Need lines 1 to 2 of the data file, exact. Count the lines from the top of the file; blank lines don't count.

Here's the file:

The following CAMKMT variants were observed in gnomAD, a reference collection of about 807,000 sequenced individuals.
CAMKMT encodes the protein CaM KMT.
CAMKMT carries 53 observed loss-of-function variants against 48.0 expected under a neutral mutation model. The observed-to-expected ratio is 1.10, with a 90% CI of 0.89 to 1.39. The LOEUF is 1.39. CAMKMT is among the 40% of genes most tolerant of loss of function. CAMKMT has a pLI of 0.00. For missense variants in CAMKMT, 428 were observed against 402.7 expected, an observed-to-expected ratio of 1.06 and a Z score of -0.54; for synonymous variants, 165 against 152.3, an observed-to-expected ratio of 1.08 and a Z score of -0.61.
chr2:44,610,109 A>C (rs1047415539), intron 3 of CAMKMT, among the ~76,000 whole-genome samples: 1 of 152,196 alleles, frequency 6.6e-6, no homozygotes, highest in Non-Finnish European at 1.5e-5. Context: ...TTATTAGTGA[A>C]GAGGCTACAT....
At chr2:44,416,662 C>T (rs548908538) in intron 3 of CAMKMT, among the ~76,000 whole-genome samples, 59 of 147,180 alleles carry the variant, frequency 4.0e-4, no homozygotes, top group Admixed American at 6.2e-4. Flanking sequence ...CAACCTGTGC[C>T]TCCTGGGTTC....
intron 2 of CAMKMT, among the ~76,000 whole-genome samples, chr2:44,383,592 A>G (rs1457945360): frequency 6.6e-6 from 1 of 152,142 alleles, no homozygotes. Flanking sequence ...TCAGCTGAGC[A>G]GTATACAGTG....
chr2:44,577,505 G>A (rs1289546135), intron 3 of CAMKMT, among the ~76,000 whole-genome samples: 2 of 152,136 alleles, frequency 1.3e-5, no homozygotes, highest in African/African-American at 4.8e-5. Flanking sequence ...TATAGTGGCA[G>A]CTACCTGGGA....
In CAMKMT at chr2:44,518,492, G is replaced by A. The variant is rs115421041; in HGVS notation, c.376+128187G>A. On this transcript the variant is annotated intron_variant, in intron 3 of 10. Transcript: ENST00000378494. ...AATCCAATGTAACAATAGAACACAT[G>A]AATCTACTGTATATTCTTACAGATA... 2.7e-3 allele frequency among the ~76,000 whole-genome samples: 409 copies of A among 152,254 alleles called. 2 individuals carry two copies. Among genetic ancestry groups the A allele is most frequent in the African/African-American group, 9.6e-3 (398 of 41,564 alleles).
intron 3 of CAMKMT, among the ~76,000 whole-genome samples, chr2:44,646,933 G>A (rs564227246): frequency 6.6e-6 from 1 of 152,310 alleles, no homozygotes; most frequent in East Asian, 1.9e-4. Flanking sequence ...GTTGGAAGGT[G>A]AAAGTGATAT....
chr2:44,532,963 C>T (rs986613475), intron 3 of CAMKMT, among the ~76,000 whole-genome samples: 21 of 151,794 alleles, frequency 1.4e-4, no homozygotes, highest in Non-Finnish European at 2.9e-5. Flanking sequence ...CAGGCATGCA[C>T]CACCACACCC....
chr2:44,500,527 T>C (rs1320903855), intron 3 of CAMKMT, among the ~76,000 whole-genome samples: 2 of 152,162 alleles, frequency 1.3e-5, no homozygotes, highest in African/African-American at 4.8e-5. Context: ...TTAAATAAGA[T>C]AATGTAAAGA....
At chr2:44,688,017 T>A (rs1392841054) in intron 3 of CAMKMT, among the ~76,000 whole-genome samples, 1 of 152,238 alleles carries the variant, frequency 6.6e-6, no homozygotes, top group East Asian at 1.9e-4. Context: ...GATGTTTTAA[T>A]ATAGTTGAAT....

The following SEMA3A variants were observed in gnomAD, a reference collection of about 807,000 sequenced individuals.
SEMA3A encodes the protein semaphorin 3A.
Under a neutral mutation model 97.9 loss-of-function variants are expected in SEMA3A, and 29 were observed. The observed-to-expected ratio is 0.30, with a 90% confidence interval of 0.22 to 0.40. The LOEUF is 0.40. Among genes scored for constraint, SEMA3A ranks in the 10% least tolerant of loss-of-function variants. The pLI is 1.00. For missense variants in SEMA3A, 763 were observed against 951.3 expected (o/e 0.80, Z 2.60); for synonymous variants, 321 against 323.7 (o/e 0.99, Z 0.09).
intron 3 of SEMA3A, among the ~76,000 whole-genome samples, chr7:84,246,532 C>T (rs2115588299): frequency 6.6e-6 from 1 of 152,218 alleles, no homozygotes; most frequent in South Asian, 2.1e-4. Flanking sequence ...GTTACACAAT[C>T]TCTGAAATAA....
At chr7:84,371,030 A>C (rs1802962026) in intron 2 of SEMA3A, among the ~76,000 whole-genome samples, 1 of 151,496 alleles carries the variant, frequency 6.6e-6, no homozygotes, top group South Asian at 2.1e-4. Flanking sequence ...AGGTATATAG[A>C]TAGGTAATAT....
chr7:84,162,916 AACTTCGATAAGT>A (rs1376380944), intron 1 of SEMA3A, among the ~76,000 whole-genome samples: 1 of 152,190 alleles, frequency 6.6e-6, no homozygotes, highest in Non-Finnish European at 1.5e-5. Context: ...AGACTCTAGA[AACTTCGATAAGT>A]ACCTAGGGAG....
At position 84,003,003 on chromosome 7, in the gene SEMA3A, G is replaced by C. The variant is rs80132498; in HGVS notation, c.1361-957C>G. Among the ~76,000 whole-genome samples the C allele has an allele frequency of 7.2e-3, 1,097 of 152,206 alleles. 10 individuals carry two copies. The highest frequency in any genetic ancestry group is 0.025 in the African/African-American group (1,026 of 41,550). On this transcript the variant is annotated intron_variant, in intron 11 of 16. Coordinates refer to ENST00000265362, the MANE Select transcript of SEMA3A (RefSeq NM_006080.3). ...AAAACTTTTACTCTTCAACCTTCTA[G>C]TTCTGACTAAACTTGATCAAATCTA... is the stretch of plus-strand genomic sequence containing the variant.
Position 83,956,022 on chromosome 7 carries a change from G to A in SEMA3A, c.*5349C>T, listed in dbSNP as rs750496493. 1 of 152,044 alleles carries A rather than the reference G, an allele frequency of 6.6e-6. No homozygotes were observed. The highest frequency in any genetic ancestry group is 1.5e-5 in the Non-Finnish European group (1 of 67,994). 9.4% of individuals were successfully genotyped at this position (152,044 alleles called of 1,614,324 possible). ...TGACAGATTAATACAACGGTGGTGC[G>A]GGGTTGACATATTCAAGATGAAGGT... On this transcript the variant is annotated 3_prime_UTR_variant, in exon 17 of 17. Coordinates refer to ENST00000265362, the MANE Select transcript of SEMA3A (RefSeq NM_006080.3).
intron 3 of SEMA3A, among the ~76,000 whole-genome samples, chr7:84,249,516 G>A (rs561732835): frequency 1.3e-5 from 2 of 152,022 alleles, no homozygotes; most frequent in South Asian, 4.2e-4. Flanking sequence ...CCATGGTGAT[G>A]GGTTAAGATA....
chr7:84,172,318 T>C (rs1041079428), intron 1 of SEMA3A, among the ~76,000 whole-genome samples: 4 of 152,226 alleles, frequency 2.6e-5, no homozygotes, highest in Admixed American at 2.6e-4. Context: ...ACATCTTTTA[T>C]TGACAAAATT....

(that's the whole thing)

The following CAMKMT variants were observed in gnomAD, a reference collection of about 807,000 sequenced individuals.
CAMKMT encodes the protein CaM KMT.